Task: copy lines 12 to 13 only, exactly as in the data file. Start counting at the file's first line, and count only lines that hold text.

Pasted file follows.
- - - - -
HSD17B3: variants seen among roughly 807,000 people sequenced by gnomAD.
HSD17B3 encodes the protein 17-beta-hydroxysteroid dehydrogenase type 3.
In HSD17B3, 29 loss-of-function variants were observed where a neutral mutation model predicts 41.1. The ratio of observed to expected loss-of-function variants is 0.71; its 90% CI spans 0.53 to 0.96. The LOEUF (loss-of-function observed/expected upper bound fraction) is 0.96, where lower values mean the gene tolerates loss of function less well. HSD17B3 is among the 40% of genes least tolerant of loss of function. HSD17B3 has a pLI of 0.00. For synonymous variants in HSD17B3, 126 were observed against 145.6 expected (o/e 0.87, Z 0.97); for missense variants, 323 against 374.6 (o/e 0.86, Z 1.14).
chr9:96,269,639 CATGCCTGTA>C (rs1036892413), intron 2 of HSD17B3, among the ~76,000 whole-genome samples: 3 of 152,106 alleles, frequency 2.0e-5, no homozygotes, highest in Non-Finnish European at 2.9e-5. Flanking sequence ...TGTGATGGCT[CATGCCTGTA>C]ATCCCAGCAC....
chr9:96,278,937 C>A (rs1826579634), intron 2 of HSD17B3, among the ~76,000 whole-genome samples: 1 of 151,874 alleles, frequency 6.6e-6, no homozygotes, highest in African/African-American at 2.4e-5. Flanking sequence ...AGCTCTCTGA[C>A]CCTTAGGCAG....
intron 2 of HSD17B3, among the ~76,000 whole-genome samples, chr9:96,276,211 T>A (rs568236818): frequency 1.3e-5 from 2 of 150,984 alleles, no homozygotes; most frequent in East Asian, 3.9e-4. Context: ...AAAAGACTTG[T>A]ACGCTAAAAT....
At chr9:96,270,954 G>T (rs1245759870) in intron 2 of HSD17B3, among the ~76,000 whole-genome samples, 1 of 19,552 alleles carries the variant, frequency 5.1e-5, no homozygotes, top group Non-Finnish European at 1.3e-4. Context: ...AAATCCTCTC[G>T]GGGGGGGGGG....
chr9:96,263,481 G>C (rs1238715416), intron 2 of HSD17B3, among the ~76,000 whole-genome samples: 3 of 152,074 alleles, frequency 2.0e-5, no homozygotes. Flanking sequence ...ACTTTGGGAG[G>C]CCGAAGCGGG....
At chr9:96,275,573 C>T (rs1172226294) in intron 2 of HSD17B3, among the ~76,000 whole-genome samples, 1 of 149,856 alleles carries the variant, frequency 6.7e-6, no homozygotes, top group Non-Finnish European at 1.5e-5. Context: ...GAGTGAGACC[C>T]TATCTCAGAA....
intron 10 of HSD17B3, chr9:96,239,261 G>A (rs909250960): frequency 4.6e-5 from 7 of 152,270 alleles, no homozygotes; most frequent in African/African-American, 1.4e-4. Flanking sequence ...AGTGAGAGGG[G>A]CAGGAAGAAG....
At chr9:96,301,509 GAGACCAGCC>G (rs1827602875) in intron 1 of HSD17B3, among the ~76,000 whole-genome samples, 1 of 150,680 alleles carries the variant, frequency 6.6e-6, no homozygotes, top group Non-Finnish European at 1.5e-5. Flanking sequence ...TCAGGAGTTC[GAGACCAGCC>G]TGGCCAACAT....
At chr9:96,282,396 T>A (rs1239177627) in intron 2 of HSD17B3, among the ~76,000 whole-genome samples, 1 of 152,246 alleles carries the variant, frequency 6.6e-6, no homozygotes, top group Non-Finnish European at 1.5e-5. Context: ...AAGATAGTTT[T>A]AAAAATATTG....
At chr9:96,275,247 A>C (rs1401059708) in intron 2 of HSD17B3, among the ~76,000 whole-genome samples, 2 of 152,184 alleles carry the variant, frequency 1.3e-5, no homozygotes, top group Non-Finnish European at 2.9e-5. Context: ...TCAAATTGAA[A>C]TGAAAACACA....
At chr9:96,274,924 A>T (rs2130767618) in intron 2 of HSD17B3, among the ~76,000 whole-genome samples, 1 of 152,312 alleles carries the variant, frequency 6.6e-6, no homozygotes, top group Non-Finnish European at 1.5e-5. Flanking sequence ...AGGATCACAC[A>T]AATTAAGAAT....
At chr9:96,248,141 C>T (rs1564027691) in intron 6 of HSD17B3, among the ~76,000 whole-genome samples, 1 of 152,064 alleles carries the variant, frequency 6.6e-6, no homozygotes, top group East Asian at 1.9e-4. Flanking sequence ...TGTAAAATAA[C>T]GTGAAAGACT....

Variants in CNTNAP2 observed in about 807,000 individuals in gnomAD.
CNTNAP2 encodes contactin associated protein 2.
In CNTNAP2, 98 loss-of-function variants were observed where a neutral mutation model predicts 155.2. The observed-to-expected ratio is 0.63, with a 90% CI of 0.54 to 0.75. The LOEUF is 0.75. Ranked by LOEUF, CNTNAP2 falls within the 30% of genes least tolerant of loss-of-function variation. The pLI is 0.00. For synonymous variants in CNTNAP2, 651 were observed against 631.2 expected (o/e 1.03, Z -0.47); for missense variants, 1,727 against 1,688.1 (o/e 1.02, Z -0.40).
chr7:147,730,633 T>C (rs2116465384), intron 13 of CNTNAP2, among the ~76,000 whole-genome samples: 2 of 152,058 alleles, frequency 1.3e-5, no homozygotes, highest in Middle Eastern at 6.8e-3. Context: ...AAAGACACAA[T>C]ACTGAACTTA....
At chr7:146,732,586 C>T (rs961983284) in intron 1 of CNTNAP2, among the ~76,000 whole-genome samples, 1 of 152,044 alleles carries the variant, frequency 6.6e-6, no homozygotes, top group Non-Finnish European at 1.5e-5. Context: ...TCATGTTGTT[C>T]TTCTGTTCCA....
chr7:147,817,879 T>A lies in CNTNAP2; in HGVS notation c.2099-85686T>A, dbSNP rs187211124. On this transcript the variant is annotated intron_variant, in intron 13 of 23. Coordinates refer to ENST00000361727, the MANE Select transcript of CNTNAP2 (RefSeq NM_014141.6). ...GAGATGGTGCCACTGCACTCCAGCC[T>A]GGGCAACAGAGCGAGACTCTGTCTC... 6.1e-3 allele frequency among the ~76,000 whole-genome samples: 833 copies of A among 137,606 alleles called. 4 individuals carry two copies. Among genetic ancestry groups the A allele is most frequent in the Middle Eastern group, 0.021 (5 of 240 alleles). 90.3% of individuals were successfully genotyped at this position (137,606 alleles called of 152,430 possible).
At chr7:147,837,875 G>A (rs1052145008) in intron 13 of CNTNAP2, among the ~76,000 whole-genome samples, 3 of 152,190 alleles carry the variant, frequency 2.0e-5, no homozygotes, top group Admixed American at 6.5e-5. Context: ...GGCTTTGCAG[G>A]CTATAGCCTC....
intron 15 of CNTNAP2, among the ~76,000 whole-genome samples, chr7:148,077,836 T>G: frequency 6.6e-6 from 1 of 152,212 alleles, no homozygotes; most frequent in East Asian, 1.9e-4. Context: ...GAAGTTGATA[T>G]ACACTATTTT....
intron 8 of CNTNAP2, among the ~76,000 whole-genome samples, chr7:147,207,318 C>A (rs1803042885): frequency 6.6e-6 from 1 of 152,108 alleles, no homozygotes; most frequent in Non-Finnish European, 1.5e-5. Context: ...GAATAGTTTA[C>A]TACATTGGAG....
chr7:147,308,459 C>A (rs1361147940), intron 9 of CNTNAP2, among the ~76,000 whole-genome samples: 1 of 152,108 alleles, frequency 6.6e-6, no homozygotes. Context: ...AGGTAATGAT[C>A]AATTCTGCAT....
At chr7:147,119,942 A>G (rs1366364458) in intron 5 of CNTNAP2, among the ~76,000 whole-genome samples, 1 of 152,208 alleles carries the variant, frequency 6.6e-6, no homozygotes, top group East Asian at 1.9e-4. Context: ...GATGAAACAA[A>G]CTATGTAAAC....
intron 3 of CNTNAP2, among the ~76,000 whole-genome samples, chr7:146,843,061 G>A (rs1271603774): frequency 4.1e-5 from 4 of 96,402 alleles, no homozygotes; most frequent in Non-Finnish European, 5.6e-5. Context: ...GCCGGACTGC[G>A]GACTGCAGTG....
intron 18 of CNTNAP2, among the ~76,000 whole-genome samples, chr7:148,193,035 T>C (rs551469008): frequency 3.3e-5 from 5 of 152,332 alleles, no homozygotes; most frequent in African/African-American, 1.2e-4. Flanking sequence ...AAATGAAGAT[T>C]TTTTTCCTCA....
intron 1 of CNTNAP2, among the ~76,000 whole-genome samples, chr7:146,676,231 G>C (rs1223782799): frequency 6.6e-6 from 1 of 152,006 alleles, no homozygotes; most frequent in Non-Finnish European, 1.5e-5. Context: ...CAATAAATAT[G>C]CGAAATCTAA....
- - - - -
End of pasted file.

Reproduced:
At chr9:96,282,396 T>A (rs1239177627) in intron 2 of HSD17B3, among the ~76,000 whole-genome samples, 1 of 152,246 alleles carries the variant, frequency 6.6e-6, no homozygotes, top group Non-Finnish European at 1.5e-5. Context: ...AAGATAGTTT[T>A]AAAAATATTG....
At chr9:96,275,247 A>C (rs1401059708) in intron 2 of HSD17B3, among the ~76,000 whole-genome samples, 2 of 152,184 alleles carry the variant, frequency 1.3e-5, no homozygotes, top group Non-Finnish European at 2.9e-5. Context: ...TCAAATTGAA[A>C]TGAAAACACA....